It was intended as a very heavily armoured infantry support assault tank. Few were made; the concept was fine as far as it went, but by that time an infantry support tank needed more firepower than a pair of machine guns could provide. Some did see action on the Leningrad front.

This little 1:100 scale (15mm) model is only 43mm front to back, and was printed on my Ender 3 from a model by TigerAce1945 (Zachary Kavulich).

It's really pushing the edges of the envelope for my now elderly Ender 3 with its 0.4mm nozzle. I really am going to have to get a resin printer one of these days.

Early Xmas Prezzie of Randomness


These just arrived for me from Amazon, a week earlier than they promised, which is nice. An early Xmas prezzie to myself.

Now, when I want to find out what stuff our murderhobos can loot from a ship's captain's cabin, and what the name is of the cabin-boy now bleeding out on the cabin threshold for the crime of getting in their way, I can find out with the roll of a die or two. Huzzah.



The other day I was introduced to a cute little two-player game called Quantik. I liked it so much that I decided to make myself a set.

The rules are amazingly simple:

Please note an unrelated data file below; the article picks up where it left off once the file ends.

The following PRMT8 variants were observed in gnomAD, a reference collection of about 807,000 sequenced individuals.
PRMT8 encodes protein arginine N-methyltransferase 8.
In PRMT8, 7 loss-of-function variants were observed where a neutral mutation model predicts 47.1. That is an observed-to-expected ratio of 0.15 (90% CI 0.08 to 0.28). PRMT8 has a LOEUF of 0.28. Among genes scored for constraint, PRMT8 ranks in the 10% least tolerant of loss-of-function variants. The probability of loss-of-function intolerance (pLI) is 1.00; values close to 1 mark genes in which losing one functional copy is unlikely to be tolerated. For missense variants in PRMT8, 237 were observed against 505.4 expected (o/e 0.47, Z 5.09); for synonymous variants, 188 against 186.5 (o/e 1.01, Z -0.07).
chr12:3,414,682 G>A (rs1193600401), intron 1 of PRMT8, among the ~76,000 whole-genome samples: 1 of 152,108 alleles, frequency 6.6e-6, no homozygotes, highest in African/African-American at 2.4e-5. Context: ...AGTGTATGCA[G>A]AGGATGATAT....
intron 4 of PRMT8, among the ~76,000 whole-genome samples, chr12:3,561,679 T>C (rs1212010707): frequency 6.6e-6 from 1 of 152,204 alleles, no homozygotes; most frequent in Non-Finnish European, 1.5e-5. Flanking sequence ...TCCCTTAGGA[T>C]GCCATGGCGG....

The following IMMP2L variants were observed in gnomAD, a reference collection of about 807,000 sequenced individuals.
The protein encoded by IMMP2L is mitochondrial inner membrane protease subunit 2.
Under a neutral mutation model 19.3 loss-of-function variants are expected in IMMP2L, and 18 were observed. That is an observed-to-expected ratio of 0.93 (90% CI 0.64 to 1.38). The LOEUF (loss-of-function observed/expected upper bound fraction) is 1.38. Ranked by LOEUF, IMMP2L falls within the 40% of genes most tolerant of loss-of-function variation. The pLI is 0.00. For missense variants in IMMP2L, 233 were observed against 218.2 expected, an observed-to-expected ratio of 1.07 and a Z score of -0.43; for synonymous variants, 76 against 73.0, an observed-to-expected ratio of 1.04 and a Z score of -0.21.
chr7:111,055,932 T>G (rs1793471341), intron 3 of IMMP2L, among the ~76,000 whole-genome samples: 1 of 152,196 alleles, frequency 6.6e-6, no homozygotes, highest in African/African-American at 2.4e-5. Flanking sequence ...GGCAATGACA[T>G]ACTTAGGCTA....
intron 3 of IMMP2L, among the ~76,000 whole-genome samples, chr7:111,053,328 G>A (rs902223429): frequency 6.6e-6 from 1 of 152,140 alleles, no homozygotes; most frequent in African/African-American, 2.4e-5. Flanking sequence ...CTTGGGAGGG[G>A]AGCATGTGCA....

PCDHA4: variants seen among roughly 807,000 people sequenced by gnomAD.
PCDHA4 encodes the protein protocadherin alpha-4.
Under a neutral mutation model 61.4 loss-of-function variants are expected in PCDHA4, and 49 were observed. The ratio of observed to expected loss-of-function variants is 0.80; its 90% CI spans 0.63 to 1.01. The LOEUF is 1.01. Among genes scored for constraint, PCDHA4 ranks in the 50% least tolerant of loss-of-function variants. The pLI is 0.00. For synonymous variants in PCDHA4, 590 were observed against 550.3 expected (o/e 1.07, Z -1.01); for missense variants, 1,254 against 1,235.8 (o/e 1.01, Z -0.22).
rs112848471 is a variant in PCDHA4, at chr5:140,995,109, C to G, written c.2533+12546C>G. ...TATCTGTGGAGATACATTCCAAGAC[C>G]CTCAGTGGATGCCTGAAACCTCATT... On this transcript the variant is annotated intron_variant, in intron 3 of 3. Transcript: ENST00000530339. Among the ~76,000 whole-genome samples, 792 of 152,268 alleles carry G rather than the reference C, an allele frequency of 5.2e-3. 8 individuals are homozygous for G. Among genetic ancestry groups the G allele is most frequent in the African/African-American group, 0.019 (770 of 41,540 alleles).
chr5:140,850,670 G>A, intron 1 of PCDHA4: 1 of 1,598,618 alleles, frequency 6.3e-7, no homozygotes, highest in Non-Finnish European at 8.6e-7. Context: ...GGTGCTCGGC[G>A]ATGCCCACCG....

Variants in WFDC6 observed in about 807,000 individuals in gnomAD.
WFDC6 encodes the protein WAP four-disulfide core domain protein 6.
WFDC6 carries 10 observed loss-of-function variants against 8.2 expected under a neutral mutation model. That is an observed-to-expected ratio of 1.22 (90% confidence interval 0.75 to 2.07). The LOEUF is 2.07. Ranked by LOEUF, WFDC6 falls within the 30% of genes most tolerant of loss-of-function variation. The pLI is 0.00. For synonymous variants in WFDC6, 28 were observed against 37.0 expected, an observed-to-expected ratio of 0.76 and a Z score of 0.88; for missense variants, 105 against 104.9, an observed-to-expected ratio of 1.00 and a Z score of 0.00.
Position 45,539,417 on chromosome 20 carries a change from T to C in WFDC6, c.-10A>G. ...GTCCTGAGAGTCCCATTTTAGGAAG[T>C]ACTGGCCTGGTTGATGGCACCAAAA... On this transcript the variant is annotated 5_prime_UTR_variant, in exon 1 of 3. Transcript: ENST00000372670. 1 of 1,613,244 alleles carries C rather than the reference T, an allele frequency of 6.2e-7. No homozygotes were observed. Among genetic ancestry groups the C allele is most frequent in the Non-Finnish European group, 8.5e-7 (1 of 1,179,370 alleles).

1. Each turn the players will put one of their pieces on the game board.
  2. It's forbidden to put a shape in a line, a column or an area on which this same form has already been placed by the opponent. We can only double a shape if we have played the previous one ourself.
  3. The first player who places the fourth different form in a row, column or zone wins the game immediately, no matter who owns the other pieces of that winning move.
The fancy-schmancy 3d board and geometric pieces are really not necessary; the game could be easily played on a piece of paper marked out in a 4x4 grid, with the quadrants delineated somehow. Then all you need is two distinct sets of two lots of four distinct things — say, a coin, a bottle-top, a jelly-bean, and a hex-nut.

Anyway, now I've got my set printed, and I just have to paint one or both sets of pieces so that we can tell which ones belong to which player. Or maybe I'll just print one more set in a different filament colour — that might be better.